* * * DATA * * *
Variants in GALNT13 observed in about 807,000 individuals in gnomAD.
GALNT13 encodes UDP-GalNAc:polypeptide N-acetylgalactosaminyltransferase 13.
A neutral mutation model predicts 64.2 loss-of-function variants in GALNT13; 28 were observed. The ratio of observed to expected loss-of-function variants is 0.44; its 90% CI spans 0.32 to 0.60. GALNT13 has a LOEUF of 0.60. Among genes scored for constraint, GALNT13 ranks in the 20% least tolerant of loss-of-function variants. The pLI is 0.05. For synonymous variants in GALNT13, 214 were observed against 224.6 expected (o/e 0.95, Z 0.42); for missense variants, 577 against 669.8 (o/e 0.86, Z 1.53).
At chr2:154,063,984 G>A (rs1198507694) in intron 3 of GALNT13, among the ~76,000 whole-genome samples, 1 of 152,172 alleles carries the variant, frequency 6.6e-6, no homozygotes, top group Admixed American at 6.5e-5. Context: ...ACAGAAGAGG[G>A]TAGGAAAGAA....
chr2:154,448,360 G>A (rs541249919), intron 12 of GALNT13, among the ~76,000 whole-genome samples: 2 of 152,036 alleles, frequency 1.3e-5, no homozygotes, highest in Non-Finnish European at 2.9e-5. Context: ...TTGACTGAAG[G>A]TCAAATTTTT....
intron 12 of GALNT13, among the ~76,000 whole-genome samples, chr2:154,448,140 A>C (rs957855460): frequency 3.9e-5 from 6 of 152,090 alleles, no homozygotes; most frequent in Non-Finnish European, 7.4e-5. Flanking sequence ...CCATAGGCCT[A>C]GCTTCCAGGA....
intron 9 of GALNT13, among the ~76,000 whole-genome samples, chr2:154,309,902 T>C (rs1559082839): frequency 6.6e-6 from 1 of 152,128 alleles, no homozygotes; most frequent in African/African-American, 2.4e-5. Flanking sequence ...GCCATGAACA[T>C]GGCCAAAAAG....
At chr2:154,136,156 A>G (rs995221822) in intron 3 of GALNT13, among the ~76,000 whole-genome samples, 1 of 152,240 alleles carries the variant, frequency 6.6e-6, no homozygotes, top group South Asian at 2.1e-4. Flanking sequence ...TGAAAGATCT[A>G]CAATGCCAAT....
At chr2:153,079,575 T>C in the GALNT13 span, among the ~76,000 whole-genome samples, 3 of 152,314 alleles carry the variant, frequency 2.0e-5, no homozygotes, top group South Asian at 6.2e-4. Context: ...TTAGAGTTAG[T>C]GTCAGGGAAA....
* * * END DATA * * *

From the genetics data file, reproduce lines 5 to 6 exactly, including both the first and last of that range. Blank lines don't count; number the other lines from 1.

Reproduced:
chr2:154,448,360 G>A (rs541249919), intron 12 of GALNT13, among the ~76,000 whole-genome samples: 2 of 152,036 alleles, frequency 1.3e-5, no homozygotes, highest in Non-Finnish European at 2.9e-5. Context: ...TTGACTGAAG[G>A]TCAAATTTTT....
intron 12 of GALNT13, among the ~76,000 whole-genome samples, chr2:154,448,140 A>C (rs957855460): frequency 3.9e-5 from 6 of 152,090 alleles, no homozygotes; most frequent in Non-Finnish European, 7.4e-5. Flanking sequence ...CCATAGGCCT[A>C]GCTTCCAGGA....